It’s easy to imagine that widespread hunger is an urgent problem only in places far poorer than America. Yet hunger is a terribly serious concern across the United States, including among older adults. In fact, nearly 9 million U.S. men and women age 50 and older face the risk of hunger, meaning they are forced to skip meals or buy poor quality food, and between 2001 and 2009, that number increased by almost 80 percent.
As a country, we need to take steps to feed those who are hungry now while also developing long-term, sustainable solutions to the root causes of hunger among those 50 and older.
A report commissioned by AARP Foundation, “Food Insecurity among Older Adults,” found that people in their 50s – who for the most part are too young for Social Security and too old to qualify for programs designed for families with children – experienced a 38 percent increase in the risk of hunger between 2007 and 2009.
One key factor adding to vulnerability is the low enrollment rate in Supplemental Nutrition Assistance Program (SNAP) among eligible older adults. Just one-third of the eligible men and women age 60 and older participate in SNAP, compared with two-thirds of those in other age groups who are eligible.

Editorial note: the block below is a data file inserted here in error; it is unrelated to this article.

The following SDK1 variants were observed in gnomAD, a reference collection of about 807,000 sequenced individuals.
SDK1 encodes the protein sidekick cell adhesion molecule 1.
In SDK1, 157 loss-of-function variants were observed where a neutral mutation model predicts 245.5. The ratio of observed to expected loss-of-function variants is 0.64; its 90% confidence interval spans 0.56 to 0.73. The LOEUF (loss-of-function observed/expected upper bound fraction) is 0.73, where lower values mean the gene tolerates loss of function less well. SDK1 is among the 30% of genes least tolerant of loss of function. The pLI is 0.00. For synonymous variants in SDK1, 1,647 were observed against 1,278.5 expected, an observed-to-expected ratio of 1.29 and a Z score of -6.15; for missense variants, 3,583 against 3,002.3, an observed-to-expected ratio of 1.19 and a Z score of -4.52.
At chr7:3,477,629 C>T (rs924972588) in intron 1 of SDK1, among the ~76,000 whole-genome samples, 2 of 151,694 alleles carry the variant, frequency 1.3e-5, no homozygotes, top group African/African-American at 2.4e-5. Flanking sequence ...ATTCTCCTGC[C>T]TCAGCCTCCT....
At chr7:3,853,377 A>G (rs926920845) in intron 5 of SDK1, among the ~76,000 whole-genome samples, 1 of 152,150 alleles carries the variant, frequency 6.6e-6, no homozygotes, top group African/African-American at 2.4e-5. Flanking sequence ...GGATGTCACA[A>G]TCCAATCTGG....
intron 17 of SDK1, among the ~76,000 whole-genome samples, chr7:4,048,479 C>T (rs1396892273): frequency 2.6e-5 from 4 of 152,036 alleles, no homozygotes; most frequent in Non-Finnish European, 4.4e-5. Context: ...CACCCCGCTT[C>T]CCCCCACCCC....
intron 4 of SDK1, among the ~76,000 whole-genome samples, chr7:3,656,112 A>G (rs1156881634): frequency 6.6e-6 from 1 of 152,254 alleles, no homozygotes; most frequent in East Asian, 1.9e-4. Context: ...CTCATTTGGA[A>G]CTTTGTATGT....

Drive to End Hunger is a national initiative led by AARP and AARP Foundation to combat hunger among those 50 and older. We’re coming to Charlotte next week to help provide solutions for hungry older adults in North Carolina, where the problem is particularly acute. Over nine percent of older North Carolinians are at risk of hunger, and North Carolina ranks seventh for food insecurity among adults age 50 and over.
We’re bringing together volunteers of all ages at the Charlotte Convention Center on May 24 and 25 to assemble and donate 1 million meals. We’re calling it the Charlotte 1 Million, and we’re inviting people to package meals alongside celebrities including tennis legend Martina Navratilova and CBS NFL Today’s James “JB” Brown.
The event will build significant awareness of older adult hunger. Older Americans, many of whom spent much of their lives taking care of others, are often embarrassed to admit they need help themselves. Increasing awareness of this solvable problem will help build greater commitment to identify long-term solutions.
In the days before the NASCAR races in Charlotte, let’s all remember that hunger is not an issue for spectators. Each of us can make a difference. To learn more and sign up, go to www.drivetoendhunger.org/meals.